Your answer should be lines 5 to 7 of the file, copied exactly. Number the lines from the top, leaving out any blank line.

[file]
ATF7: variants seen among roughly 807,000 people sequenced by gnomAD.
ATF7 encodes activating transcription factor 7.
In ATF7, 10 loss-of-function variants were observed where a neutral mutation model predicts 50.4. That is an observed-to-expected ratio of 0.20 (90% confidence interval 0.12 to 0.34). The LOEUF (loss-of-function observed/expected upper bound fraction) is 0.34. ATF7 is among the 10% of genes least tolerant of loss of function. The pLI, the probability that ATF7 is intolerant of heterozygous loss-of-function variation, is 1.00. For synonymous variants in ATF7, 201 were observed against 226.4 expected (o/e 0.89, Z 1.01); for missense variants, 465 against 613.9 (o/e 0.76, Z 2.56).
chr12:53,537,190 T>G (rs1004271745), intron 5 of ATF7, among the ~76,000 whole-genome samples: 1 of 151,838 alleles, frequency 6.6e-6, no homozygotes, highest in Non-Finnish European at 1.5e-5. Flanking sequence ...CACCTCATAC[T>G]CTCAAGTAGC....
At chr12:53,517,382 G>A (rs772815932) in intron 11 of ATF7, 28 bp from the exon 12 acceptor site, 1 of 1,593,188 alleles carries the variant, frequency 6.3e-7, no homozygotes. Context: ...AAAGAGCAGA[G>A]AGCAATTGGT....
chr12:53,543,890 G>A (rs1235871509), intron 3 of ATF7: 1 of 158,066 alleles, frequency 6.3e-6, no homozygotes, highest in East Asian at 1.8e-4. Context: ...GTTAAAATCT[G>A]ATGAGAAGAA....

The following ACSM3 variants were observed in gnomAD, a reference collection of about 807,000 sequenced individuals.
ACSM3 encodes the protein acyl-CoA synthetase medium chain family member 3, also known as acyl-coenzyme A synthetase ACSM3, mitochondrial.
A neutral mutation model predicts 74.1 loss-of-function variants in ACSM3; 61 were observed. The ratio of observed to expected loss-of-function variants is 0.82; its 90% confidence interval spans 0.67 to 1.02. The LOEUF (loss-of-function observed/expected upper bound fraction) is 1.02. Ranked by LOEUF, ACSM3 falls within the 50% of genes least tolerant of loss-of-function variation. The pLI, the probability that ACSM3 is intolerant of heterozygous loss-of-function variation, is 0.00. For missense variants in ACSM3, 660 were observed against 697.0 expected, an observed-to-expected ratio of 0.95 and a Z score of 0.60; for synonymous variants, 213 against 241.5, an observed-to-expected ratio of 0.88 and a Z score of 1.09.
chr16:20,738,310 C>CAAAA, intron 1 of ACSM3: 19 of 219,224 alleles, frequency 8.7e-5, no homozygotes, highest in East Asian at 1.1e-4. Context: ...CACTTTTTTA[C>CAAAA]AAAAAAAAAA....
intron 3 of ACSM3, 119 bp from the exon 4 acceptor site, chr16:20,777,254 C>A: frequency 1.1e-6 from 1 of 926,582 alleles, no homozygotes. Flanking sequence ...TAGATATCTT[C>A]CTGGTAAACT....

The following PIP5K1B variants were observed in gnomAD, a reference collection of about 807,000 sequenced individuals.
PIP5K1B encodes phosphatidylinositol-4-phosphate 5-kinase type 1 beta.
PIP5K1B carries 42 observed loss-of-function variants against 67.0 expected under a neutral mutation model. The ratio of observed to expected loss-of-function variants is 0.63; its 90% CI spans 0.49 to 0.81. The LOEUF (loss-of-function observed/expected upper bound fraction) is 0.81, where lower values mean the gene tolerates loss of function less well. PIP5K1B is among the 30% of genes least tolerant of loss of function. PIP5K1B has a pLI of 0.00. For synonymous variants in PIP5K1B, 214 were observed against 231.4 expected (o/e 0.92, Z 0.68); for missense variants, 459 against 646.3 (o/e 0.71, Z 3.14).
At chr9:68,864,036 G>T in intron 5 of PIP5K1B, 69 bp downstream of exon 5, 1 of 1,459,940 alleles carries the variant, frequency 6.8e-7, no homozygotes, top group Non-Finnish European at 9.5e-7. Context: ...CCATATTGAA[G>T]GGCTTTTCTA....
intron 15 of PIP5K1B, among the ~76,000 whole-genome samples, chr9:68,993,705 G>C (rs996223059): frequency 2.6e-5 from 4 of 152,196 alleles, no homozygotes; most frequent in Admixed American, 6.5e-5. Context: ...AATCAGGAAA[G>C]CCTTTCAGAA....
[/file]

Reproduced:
At chr12:53,517,382 G>A (rs772815932) in intron 11 of ATF7, 28 bp from the exon 12 acceptor site, 1 of 1,593,188 alleles carries the variant, frequency 6.3e-7, no homozygotes. Context: ...AAAGAGCAGA[G>A]AGCAATTGGT....
chr12:53,543,890 G>A (rs1235871509), intron 3 of ATF7: 1 of 158,066 alleles, frequency 6.3e-6, no homozygotes, highest in East Asian at 1.8e-4. Context: ...GTTAAAATCT[G>A]ATGAGAAGAA....

The following ACSM3 variants were observed in gnomAD, a reference collection of about 807,000 sequenced individuals.